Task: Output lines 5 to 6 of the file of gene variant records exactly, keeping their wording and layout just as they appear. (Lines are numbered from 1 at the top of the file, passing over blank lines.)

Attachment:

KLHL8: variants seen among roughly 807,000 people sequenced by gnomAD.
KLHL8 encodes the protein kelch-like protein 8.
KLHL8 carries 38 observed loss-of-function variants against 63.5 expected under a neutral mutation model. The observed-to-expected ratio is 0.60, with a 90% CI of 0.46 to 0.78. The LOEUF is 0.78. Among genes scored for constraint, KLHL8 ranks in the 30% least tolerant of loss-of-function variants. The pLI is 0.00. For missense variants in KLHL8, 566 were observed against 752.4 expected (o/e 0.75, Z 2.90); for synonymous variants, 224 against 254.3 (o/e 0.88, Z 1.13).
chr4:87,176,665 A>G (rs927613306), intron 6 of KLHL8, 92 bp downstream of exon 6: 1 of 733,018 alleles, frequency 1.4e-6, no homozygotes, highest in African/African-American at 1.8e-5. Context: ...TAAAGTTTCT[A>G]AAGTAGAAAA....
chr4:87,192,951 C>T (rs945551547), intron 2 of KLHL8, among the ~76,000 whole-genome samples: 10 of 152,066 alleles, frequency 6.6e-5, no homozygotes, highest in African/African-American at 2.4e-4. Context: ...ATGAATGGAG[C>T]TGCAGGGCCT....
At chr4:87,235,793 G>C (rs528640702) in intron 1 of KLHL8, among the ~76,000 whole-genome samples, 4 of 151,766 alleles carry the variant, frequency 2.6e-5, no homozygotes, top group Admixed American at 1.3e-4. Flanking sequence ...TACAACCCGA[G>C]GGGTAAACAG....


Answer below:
chr4:87,192,951 C>T (rs945551547), intron 2 of KLHL8, among the ~76,000 whole-genome samples: 10 of 152,066 alleles, frequency 6.6e-5, no homozygotes, highest in African/African-American at 2.4e-4. Context: ...ATGAATGGAG[C>T]TGCAGGGCCT....
At chr4:87,235,793 G>C (rs528640702) in intron 1 of KLHL8, among the ~76,000 whole-genome samples, 4 of 151,766 alleles carry the variant, frequency 2.6e-5, no homozygotes, top group Admixed American at 1.3e-4. Flanking sequence ...TACAACCCGA[G>C]GGGTAAACAG....